ED in men screened for prostate cancer risk?

Risk for erectile dysfunction (ED) after prostate cancer treatment is commonly assumed to be a reason why many men avoid being tested for their risk for prostate cancer. Whether that is really true or not is actually not well understood.

In September 2006, men < 75 years of age and living in the Washington, DC, area were invited to participate in a prostate cancer screening initiative conducted by the George Washington University Medical Center.  As part of the screening initiative, all men were asked to complete the Sexual Health Inventory for Men (SHIM), which is a  well-validated questionnaire for the screening and diagnosis of ED.  Bianco et al. also collected information about primary care physician use, phosphodiesterase-5 (PDE5) inhibitor use, serum PSA levels, and DRE findings. The participants who registered SHIM scores of ≤ 17 or who were taking a PDE5 inhibitor (e.g., Viagra or Cialis) were considered to have ED.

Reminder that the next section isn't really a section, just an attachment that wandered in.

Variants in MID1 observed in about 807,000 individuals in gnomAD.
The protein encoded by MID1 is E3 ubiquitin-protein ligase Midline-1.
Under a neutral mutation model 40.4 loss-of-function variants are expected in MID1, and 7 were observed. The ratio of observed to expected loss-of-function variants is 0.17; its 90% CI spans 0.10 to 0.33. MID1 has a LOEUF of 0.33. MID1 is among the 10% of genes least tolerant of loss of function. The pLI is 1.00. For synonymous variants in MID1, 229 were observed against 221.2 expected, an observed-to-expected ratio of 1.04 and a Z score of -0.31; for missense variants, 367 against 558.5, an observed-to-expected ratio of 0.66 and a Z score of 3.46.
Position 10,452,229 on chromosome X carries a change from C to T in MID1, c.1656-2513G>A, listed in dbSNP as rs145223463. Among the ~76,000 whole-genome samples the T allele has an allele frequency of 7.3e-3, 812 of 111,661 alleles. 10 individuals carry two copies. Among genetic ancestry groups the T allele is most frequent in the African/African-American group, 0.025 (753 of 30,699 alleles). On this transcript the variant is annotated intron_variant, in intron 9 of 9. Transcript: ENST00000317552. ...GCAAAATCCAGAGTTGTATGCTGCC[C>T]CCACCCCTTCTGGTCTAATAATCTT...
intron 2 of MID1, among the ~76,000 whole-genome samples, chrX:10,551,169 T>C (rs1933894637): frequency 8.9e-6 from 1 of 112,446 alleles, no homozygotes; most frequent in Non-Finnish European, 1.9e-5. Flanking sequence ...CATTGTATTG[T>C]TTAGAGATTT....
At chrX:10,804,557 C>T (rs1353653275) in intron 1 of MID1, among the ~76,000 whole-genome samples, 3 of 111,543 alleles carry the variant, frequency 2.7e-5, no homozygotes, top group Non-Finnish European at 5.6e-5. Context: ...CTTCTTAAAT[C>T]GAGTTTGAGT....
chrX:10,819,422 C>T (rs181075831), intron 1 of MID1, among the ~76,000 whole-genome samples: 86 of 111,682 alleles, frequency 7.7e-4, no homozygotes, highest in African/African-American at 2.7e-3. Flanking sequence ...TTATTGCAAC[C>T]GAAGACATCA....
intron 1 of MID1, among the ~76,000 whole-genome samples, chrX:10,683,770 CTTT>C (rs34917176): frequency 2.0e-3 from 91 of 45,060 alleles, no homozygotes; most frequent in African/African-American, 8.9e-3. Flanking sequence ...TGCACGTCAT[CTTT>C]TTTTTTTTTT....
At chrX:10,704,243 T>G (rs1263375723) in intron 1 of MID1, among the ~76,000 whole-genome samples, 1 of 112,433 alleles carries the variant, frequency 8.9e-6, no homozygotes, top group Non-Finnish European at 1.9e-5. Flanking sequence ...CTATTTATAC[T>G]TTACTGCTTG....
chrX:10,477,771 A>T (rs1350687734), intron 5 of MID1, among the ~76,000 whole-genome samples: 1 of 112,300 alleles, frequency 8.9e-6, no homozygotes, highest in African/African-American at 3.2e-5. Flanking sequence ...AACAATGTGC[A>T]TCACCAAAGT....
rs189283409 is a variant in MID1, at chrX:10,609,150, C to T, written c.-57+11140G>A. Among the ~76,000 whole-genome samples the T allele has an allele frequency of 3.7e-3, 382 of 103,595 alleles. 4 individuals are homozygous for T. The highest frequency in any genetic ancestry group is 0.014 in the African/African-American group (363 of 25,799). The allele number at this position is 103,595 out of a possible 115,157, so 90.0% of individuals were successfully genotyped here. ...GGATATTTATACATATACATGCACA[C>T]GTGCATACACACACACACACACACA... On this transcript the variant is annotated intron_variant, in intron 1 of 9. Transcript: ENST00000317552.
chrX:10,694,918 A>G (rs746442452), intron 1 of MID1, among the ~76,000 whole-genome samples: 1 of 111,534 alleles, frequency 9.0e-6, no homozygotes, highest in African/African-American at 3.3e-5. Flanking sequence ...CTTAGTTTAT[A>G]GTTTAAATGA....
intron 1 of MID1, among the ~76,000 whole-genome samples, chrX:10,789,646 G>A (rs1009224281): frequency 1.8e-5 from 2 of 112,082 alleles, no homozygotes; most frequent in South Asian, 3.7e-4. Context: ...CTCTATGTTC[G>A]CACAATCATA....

The results of this study were as follows:

  • A total of 333 men participated in the program and 328 completed the SHIM questionnaire.
  • Of these 328 men
    • 123 (37.5 percent) met the above definition of ED
    • 30 (9 percent) were using a PDE5 inhibitor
    • 93 (28 percent) had an SHIM score of ≤ 17 or less.
  • Analysis initially suggested a significant difference in the prevalence of ED between African-American men (25 percent) and non-African-American men (41 percent) found to have a SHIM score of ≤ 17; however, this difference was not significant once we took account of the ages of the men concerned.
  • 108/328 of the men tested (33 percent) had no primary care physician, and of these 108 men, 24 (22 percent) had a SHIM score of ≤ 17 .

The authors report that, based on their study data, the probability of ED  in a prostate cancer screening population increases in a nonlinear fashion with age. They note that this finding is “consistent with the findings of previous reports.”

They also point out a more significant male health risk issue, which is that there is a strong association between ED and cardiovascular disease. Given this risk, the lack of any normal contact with a primary care physician probably presents a greater risk to the health of these men than prostate cancer.

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